Reno Air Racing: Thunder mustang Update!

RENO '98
Sunday's Highlights and Race Recap


The 35th Reno National Championship Air Races may well go down in air race history as one of the most unpredictable and exciting events of the 90s. The weather was near perfect, we saw the expansion of 2 new classes of racers (the T-28 Class and Sport Class), and we were also treated to some spectacular military demonstrations of jet fighters. Some of the best air show performances that we’ve seen in years were also on tap at this year's event. You could really "feel the heat" from the F-18 Hornet demo Wall of Fire. Those of us able to attend Reno '98 definitely got their moneys worth and more! However, for those that couldn’t make it out to Stead airport this year, we’ll recap the highlights of all the racing action as well as share what we have been attempting to keep "under our hats".

Click for larger imageIn the Sport Class, winner of the Gold event was Dave Morss flying his Lancair IV followed by the Questair Ventures of Lee Behel and Rittner Will, with John Parker’s Glasair III following up in fourth place. Dave Morss took command of the race from the start. His highly prepared Lancair IV never missed a beat and was dominant throughout the event. Lapping the course at 300mph+ with a kit built aircraft was a remarkable achievement in the first ever event of it’s kind. Our congratulations goes out to Team Lancair for their win.

After a marathon effort by many dedicated people, the Thunder Mustang was present in the pits, but sadly never raced. (completed, but not ready to fly it was trucked in from Nampa Idaho) The carbon fiberClick here for larger image"wonderplane" is arguably the most exotic piston kitplane ever brought to the marketplace. With a weight of a V-tail Bonanza, powered by the 640 hp+ Ryan Falconer V12 engine and the wing loading of a Lear Jet - this aircraft’s performance is nothing short of spectacular. So far, Papa 51 has sold more than 20 kits for the Thunder Mustang. Did someone say "The future of air racing?" <g>. Realistically, it will be so dominant [in the sport class] that Reno Officials have mentioned the possibility of a "bracket racing" division. The future of Sport Class racing is a main focus for the RARA. If this year was any indication of things to come - the future does indeed look very promising.

Click here for larger imageThe Biplane Class Gold race was a great one. Lots of close competition made for a really good show for the crowd. Winning the event this year was Jim Smith Jr. in his Red/White Mong Glass Slipper, repeating his 1992 effort. Rounding out the field in 7th and 8th place was Jeffrey Lo in Flyin Lo and Guy Panuin in Buzz Job, both finishing within just over a 1/2 second of each other. As I said, some really good racing from this class.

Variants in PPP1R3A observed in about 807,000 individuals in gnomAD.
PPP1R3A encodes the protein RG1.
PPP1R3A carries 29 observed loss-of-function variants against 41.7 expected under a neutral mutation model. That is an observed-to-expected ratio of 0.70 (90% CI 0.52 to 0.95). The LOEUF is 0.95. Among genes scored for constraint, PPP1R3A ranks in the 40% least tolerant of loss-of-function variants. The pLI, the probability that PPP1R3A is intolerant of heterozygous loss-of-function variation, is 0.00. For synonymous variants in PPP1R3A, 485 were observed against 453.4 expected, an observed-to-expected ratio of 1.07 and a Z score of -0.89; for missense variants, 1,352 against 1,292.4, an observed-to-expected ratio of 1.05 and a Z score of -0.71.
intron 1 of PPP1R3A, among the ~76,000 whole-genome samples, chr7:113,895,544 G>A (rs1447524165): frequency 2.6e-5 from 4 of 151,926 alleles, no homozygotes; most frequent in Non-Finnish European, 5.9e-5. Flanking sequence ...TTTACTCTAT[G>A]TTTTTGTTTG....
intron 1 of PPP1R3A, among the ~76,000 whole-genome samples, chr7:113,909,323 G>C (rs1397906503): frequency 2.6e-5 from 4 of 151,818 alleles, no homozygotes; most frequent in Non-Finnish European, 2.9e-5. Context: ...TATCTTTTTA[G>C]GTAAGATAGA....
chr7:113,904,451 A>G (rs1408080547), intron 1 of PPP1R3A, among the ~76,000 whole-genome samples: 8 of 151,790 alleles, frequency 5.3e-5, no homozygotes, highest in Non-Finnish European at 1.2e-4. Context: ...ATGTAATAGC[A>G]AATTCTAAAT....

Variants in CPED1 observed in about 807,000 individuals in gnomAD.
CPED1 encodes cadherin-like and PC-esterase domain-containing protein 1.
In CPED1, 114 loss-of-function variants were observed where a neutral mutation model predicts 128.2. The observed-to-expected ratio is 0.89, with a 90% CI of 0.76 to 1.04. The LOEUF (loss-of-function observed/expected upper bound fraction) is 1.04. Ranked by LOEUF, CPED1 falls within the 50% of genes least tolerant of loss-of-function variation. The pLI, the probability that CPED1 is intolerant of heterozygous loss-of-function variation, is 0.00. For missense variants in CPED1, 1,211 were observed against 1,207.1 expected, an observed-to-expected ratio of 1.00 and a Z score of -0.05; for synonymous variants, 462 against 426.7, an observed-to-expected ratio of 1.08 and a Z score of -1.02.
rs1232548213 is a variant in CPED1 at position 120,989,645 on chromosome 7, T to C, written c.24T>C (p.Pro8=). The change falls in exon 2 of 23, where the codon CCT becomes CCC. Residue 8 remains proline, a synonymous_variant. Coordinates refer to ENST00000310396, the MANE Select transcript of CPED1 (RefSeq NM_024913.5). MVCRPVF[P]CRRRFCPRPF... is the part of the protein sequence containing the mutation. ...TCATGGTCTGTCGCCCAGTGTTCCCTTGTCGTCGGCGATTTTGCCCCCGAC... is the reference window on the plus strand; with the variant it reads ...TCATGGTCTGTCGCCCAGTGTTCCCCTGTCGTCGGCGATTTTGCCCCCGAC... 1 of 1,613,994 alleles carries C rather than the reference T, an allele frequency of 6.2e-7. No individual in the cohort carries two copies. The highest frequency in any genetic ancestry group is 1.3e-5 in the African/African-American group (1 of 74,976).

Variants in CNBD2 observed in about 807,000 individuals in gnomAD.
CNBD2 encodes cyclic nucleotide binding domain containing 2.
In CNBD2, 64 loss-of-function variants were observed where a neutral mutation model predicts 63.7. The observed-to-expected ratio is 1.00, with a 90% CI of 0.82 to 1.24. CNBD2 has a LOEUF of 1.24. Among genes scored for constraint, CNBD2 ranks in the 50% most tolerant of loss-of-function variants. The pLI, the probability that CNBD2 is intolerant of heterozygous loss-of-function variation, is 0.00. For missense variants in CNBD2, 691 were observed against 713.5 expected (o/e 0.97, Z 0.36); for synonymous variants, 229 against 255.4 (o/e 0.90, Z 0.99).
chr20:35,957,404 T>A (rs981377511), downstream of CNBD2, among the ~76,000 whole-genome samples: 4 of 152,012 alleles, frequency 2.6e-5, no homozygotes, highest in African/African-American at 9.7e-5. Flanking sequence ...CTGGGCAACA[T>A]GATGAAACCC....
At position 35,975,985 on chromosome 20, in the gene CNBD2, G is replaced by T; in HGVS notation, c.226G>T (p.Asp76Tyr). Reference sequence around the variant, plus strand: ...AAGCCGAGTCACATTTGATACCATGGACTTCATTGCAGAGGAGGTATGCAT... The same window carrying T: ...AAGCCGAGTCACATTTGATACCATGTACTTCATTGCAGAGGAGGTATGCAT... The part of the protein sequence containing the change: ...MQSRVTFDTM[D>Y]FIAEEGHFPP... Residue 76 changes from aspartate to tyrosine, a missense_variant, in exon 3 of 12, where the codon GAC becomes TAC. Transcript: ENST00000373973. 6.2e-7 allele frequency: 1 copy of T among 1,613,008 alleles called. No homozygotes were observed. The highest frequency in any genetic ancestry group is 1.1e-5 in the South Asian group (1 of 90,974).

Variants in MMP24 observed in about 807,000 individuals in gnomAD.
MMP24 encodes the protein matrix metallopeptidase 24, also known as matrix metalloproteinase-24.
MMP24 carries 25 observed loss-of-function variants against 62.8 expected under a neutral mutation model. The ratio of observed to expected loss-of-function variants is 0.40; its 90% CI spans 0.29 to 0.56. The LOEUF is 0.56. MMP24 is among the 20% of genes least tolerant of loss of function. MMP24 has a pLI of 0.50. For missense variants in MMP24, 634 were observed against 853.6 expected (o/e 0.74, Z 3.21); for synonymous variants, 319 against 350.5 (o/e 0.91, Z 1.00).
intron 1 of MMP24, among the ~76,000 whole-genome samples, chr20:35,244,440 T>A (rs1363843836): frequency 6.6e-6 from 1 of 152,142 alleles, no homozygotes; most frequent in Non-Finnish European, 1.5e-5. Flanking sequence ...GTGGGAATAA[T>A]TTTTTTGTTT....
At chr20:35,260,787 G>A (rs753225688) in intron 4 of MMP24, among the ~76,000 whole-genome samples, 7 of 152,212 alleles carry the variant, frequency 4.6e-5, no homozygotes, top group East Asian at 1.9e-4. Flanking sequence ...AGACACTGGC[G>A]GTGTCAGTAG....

The Formula One Class had some real heartbreaks as well as some achievements of note. Our most sincere thoughts and condolences goes out to Dick Roberts' family and friends for their tragic loss on Thursday. This unfortunately is a part of air racing. It does somewhat help to know that Wife Sally Roberts stated that "I know he died with a smile on his face". He went doing what he loved the most - flying. Another near tragedy was averted in Sunday’s Silver Formula One Class final. Holbrook Maslen knew his aircraft Judy was loosing oil pressure and then suddenly - the engine let go, filling the cockpit with smoke. He could hardly see as he took the checkered flag (finishing in second place). It was a great relief to all when they saw Holbrook land his aircraft safely.

The uncontested king of the Formula One Class Nemesis and pilot Jon Sharp (who has won every Reno Formula One race since 1991) set yet another record at this years event.Click here for larger image Qualifying at 260.069 mph - the "fastest four cylinders in the world" will be retired with with this record added to their already impressive lists of firsts. After Reno, the record assaults will continue in Mojave, where Team Nemesis will attempt to break their existing 3 km record - as well as the 15 km record of 247.52 mph, set by Kirk Hanna in 1986. All this aside for the moment, Jon did not have an easy go of things during the Gold Race as pilot Ray Cote in Alley Cat put up one heck of a fight. Yes, this was the last year for Nemesis as she will be retired. The *new* Nemesis NXT will be introduced next year.

The T-28 races were a grand display of tactics and close air racing as the top three finishers were separated by a mere 1 mph. Rick Reanz in Monster took the win, followed by John Sledge in Trojan and then Boyce Thelen in Megabucks taking home third place. Again, just as in July during the Pilots Seminar, the organization and talent shown within this class of air racers was phenomenal. They put on one heck of a show for the spectators. Given that there were more lead changes in this race than any other, one can only hope that the T-28 class is here to stay.

Click here for larger imageIt was good to see Jack Frost in Frostbite take home his first Gold win in the AT-6 Racing Class. His work on this aircraft during the off season definitely paid off handsomely for this future Unlimited Class competitor (Jack is the owner of the old racer Mr. Awesome and work should be completed by next year’s event). Let us not forget that this was only Jack’s second Reno event (finishing 4th in the AT-6 Gold race last year) - and that getting to the winner’s circle so soon plays testament to the hard work and dedication of Team Frostbite. Rounding out the top four was Nick Macy in Six Cat, AllClick here for larger image Goss in Warlock and Mary Dilda in Race #22 Two of Hearts. Mary was the only female pilot in this years competition - but this wasn’t her first race. Two years ago, she took fifth in the AT-6 Silver Class and last year stepping into the pilot's seat for Mystical Power, she took home the first place trophy for the AT-6 Gold event. "It’s a blast, the greatest thing I’ve done with my life" said Mary commenting on air racing, "This is the week that we live for". Mary and her husband Steve Dilda, take turns racing their AT-6 Two of Hearts and last year Steve finished 5th in the AT-6 Gold event.